Germany History – The Third Reich Part II

To calm the apprehensions aroused by his abrupt move, Hitler insisted in various declarations on the will for peace of the new Germany and began negotiations for a non-aggression pact with Poland, while denying any intention of revenge: on this point the electoral campaign in grand style, directed by the Minister of Propaganda, J. Goebbels. The plebiscite of 12 November 1933 gave these results: out of 43,452,613 votes there were 40,601,577 in favor (95%), 2,100,765 against and 750,271 null. 95% of those eligible had voted. The simultaneous election of the new Reichstag on a single list of ten names (including the names of the National Socialist leaders as well as those of F. von Papen and A. Hugenberg), gave similar results.

After the plebiscite, German foreign policy evidently aimed at getting out of isolation. While refusing to participate in the discussions in Geneva relating to the Saar question, the German government took the initiative of direct negotiations with France on the question of disarmament: negotiations which, if they did not lead to an agreement, served, at least, to determine the points. substance of the dispute: duration of the agreement, counting of the numbers, German request to immediately possess defensive weapons.

The rapprochement with Poland led to a new convention on January 26, 1934, for which the two governments undertook for 10 years to resolve pending issues directly and peacefully. With Austria, on the other hand, relations became even more tense; to the complaints of the Austrian government for National Socialist intrusions and the threat of an appeal to the League of Nations, A. Hitler on January 30 replied in a polemical tone and in a substantially negative way. After other Austrian protests and the bloody Viennese days of February, France, England and Italy published a joint declaration on the 17th in which they reaffirmed their intention to safeguard the independence of Austria.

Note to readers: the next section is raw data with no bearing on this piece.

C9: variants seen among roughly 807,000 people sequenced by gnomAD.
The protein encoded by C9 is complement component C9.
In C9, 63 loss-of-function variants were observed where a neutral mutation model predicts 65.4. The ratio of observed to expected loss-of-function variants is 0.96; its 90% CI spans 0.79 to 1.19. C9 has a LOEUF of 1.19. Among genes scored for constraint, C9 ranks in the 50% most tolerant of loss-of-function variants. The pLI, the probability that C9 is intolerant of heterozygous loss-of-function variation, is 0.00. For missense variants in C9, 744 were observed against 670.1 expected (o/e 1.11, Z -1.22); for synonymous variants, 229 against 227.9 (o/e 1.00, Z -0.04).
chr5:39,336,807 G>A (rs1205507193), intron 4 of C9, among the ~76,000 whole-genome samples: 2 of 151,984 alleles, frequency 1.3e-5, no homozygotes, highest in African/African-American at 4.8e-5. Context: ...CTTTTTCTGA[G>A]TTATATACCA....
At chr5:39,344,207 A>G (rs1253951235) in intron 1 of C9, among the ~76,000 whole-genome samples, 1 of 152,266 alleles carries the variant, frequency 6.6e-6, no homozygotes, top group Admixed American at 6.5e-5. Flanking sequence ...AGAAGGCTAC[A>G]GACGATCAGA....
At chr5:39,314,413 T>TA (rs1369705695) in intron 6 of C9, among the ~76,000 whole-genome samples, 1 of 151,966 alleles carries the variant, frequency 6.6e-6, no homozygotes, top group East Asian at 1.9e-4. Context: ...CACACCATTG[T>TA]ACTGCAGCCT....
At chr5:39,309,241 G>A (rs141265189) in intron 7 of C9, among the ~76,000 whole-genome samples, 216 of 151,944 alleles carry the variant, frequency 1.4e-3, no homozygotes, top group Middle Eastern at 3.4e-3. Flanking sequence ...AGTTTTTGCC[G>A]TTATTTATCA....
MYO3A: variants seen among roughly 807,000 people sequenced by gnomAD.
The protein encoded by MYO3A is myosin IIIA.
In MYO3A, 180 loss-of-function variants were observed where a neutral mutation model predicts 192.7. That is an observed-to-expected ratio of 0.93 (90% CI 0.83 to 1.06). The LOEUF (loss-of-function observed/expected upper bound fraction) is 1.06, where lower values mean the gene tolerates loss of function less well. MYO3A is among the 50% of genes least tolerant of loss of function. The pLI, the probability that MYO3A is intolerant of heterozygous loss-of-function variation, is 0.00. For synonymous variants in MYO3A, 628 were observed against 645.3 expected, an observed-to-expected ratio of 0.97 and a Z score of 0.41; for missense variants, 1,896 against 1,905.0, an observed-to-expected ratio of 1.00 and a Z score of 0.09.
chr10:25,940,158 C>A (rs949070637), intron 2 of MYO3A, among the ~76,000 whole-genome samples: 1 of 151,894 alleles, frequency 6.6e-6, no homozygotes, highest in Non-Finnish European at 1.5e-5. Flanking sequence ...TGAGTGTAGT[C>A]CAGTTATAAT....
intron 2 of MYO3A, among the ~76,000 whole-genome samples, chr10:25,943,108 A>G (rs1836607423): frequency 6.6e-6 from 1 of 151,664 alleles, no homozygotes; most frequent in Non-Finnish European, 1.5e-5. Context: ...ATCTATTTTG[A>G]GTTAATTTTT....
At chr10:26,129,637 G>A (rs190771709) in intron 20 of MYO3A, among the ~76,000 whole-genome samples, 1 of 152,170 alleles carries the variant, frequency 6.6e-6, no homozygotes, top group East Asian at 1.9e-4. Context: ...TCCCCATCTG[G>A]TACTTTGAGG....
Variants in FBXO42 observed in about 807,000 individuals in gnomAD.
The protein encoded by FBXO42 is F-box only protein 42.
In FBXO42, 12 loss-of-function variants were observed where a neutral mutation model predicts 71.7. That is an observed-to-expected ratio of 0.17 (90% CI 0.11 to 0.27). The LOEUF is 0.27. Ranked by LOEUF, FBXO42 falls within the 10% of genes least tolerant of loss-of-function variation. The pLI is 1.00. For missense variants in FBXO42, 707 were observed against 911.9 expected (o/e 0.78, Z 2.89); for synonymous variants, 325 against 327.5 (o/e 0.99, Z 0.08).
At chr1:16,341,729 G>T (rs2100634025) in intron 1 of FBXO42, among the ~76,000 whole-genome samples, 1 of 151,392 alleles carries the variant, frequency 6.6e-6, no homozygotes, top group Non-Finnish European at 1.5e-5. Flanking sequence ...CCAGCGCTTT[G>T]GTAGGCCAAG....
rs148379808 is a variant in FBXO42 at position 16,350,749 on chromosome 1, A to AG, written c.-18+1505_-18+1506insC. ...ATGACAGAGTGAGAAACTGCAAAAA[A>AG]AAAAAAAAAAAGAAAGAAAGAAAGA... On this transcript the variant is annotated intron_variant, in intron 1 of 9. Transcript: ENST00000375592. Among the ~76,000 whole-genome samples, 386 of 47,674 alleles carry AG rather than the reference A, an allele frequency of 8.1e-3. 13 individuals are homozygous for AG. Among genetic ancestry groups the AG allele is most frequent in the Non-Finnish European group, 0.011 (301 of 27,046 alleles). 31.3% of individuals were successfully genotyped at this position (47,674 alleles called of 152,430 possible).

With regard to the interior, alongside the winter assistance work, an adjustment policy took place. Some of the misdeeds of the monarchists were quickly liquidated and their associations dissolved and banned. The Reichstag, convened on January 30, 1934, passed a law by which the legislative representations of the Länder were suspended and the central government was authorized to enact new constitutional laws. Under this law, the Reichsrat, the federal council of the Reich, in which the individual states were represented in proportion to their population, was abolished. Also suppressed were the diplomatic representations of the Länder in Berlin.

The most important provision in the social field for the arrangement of employment relationships was the law of January 20, 1934, which, also applying in this field, beyond the principles of honor, fidelity, responsibility, hierarchy, solidarity, also the ancient Germanic concepts of leader (Führer) and later the faithful (Gefolgschaft), wanted to give the life of companies an ethical character.